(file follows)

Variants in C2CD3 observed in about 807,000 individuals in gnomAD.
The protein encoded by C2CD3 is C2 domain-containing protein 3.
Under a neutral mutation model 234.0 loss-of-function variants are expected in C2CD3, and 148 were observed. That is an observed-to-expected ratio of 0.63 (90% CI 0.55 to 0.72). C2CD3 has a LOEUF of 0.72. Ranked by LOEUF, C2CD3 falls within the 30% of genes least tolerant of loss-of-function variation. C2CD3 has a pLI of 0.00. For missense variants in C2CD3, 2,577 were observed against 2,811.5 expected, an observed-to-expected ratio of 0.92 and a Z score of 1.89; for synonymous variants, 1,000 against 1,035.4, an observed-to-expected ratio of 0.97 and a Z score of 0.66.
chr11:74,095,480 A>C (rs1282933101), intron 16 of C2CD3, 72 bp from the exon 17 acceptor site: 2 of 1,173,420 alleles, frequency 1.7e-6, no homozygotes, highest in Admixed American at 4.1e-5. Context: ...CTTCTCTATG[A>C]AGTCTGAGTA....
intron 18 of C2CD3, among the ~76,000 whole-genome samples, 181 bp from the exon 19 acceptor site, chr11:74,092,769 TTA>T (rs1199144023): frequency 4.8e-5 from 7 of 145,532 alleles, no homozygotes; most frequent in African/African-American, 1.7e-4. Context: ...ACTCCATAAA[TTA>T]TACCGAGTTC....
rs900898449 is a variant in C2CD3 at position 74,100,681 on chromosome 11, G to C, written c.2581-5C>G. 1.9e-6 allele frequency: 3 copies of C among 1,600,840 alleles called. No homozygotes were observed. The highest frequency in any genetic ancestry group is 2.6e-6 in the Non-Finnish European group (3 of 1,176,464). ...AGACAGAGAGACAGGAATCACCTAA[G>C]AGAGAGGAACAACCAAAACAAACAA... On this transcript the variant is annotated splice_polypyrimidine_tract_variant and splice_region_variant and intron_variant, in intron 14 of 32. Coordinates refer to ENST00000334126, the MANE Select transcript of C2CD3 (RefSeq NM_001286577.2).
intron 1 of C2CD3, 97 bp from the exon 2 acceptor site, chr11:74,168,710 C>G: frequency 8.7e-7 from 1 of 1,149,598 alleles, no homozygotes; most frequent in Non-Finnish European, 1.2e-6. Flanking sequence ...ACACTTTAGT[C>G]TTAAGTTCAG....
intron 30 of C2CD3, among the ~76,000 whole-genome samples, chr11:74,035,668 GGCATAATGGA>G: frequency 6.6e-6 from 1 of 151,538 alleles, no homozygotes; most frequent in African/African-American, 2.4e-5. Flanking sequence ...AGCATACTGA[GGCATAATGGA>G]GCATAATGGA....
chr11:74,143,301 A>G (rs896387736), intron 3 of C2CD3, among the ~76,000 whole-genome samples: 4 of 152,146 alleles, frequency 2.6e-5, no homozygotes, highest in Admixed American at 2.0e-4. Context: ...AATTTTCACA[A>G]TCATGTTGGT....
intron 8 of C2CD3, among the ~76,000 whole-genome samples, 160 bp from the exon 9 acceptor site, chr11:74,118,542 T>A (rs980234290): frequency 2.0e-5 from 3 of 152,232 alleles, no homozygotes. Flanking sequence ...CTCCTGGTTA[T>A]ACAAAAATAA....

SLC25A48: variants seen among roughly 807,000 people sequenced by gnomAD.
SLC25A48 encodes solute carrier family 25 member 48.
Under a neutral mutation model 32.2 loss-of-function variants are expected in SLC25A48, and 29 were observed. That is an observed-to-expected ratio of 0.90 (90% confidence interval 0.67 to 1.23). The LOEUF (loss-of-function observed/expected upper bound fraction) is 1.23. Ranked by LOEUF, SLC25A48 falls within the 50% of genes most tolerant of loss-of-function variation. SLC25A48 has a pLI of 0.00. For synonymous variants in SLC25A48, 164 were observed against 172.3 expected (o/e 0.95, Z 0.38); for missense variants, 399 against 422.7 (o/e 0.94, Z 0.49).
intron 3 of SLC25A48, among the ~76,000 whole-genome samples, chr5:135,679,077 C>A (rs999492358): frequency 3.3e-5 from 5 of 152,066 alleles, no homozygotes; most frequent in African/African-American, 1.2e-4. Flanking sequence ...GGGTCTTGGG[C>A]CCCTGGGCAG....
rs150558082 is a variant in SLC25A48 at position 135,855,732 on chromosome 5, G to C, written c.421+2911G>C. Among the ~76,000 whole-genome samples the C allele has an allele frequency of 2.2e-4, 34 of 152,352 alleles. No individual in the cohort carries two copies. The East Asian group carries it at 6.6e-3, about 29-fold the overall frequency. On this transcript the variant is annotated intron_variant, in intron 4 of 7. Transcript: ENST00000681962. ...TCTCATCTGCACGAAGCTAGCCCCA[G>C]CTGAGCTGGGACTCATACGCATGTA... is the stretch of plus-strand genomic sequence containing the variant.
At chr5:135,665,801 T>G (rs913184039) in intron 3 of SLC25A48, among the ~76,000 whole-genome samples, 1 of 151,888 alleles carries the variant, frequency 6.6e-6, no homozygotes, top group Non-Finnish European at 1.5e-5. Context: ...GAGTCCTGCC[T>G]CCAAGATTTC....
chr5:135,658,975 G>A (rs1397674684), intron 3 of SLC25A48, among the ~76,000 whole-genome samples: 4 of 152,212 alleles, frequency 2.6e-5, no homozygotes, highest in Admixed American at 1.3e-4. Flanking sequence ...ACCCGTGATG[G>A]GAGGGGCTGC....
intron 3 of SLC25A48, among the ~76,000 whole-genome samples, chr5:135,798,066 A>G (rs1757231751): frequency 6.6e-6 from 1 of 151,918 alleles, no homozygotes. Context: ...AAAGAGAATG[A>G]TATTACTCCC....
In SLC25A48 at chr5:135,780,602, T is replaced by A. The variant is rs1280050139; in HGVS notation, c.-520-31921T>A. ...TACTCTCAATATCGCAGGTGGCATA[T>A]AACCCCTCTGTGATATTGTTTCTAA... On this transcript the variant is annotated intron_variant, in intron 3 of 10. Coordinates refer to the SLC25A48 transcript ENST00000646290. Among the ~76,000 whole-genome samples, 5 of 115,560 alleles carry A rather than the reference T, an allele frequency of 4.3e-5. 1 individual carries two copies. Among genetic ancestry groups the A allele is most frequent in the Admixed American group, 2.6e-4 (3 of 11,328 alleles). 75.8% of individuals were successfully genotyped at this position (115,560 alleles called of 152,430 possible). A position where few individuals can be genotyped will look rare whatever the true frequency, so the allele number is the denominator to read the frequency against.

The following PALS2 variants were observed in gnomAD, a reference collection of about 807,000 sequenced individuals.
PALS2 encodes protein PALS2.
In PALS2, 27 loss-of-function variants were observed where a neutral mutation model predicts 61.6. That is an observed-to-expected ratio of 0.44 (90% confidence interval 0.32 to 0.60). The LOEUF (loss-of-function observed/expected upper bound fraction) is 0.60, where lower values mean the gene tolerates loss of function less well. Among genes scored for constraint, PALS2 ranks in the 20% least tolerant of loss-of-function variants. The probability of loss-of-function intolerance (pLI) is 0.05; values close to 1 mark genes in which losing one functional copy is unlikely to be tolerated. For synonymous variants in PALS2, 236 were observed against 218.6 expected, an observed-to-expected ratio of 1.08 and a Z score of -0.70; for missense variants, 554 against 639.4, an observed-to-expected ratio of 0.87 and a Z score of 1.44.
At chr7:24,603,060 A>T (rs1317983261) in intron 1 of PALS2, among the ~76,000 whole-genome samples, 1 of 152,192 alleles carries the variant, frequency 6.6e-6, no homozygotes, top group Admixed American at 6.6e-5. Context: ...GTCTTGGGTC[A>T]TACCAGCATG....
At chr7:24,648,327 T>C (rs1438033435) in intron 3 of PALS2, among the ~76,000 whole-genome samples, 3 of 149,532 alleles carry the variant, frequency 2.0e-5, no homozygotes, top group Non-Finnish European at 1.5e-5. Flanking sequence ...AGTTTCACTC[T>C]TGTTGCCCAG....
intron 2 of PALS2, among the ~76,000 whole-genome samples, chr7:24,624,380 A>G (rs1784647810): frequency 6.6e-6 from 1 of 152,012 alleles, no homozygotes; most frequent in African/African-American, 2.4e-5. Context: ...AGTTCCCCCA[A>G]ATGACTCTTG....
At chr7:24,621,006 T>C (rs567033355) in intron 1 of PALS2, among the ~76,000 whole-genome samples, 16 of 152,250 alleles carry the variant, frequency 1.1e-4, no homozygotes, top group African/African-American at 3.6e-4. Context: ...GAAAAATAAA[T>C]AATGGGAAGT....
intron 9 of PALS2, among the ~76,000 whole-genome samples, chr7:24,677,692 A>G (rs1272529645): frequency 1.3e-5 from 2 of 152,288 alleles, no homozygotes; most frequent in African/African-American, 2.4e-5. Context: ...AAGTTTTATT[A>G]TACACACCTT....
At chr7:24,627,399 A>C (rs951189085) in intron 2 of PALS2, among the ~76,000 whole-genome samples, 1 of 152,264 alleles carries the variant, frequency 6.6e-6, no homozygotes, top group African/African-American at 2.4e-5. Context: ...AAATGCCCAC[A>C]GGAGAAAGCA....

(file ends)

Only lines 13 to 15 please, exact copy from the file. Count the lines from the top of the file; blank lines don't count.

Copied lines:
Under a neutral mutation model 32.2 loss-of-function variants are expected in SLC25A48, and 29 were observed. That is an observed-to-expected ratio of 0.90 (90% confidence interval 0.67 to 1.23). The LOEUF (loss-of-function observed/expected upper bound fraction) is 1.23. Ranked by LOEUF, SLC25A48 falls within the 50% of genes most tolerant of loss-of-function variation. SLC25A48 has a pLI of 0.00. For synonymous variants in SLC25A48, 164 were observed against 172.3 expected (o/e 0.95, Z 0.38); for missense variants, 399 against 422.7 (o/e 0.94, Z 0.49).
intron 3 of SLC25A48, among the ~76,000 whole-genome samples, chr5:135,679,077 C>A (rs999492358): frequency 3.3e-5 from 5 of 152,066 alleles, no homozygotes; most frequent in African/African-American, 1.2e-4. Flanking sequence ...GGGTCTTGGG[C>A]CCCTGGGCAG....
rs150558082 is a variant in SLC25A48 at position 135,855,732 on chromosome 5, G to C, written c.421+2911G>C. Among the ~76,000 whole-genome samples the C allele has an allele frequency of 2.2e-4, 34 of 152,352 alleles. No individual in the cohort carries two copies. The East Asian group carries it at 6.6e-3, about 29-fold the overall frequency. On this transcript the variant is annotated intron_variant, in intron 4 of 7. Transcript: ENST00000681962. ...TCTCATCTGCACGAAGCTAGCCCCA[G>C]CTGAGCTGGGACTCATACGCATGTA... is the stretch of plus-strand genomic sequence containing the variant.